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50th Anniversary of the Hungarian Revolution

Location: Washington, DC


Mr. DeWINE. Mr. President, today I honor the 50th anniversary of the Hungarian Revolution. In 1956, the people of Hungary stood in the face of adversity and expressed their passion for democracy and independence. They had a vision of what a free and democratic Hungary would look like--a vision that finally came to fruition after nearly 35 years. Only 10 years prior the revolution, Hungarians participated in free elections. Through those elections, the people felt the hope and promise of democracy. The perseverance of these strong people can be seen in their remarkable journey toward freedom.

On October 23, 1956, tens of thousands of Hungarians stood in the streets, demanding independence from the Soviets. The revolt began as a peaceful gathering of student protesters that spread to the general population, and the first day ended with clashes between the police and the demonstrators. Those on the streets were advocating for basic principles of liberty--free elections, freedom of the press, withdrawal of Soviet troops from Hungary, and the return of their Prime Minister Imre Nagy, who had been forced out of office because of his democratic policies.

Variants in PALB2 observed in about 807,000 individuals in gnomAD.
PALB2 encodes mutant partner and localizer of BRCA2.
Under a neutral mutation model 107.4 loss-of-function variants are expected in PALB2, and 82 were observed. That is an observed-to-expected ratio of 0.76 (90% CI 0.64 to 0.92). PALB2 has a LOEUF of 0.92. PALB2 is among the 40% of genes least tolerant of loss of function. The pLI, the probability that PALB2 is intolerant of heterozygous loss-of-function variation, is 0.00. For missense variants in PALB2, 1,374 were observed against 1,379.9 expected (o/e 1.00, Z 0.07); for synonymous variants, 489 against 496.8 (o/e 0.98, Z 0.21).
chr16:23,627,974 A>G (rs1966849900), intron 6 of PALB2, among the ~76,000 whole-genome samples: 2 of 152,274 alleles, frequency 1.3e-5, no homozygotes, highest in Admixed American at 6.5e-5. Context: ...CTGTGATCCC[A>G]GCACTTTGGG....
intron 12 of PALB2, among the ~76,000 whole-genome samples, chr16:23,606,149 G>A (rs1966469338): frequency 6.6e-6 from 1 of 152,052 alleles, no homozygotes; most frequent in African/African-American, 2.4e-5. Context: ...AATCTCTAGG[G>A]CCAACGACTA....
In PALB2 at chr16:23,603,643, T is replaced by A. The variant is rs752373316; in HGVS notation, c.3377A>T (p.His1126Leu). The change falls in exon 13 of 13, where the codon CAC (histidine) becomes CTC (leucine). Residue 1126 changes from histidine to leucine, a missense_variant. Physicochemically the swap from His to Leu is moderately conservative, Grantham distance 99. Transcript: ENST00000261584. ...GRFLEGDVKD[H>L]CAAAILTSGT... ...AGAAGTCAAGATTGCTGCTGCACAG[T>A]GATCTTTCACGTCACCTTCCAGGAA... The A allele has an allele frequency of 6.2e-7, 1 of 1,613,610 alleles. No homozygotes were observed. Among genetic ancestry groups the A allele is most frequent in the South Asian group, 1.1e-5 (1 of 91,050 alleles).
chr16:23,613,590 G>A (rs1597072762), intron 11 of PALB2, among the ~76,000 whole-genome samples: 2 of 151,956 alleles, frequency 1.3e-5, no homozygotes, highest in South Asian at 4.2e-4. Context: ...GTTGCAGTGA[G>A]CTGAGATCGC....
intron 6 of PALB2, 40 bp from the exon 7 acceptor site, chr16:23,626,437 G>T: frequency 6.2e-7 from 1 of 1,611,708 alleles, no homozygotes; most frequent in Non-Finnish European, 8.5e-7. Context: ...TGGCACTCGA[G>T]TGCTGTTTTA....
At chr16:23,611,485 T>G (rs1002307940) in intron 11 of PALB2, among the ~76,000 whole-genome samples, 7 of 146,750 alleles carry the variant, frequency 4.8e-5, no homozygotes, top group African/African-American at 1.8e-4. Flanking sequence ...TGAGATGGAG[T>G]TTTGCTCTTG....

In an attempt to calm the uprising, on October 26, 1956, the Central Committee of the Communist Party reinstated Nagy as Prime Minister. He promised the people of Hungary political freedom and vowed to revive the democratic process. He began by vowing to withdraw Hungary from the Warsaw Pact and declaring neutrality on November 1, 1956. As Nagy was working to satisfy those revolting, the Soviets were working on a plan to counter the revolution. Even though some members of the Hungarian Army defected and worked against the Soviets, ultimately it was not enough to fight off the ever-powerful Soviet regime.

Only 12 days after the revolution began, the Soviet Air Force started a counterrevolution, bombing parts of Budapest on November 4, 1956. The hope of the Hungarian people for freedom quickly slipped away. In the days and weeks following the revolution, many of those involved fled to other countries. Prime Minister Nagy tragically, however, was tried in secret and executed in June 1958, paying the ultimate price for his involvement in the revolution.

Today, we reflect with Hungarians around the world, including many proud Hungarian Americans, 50 years after this significant time period and celebrate the promise it held for the future of Eastern Europe.

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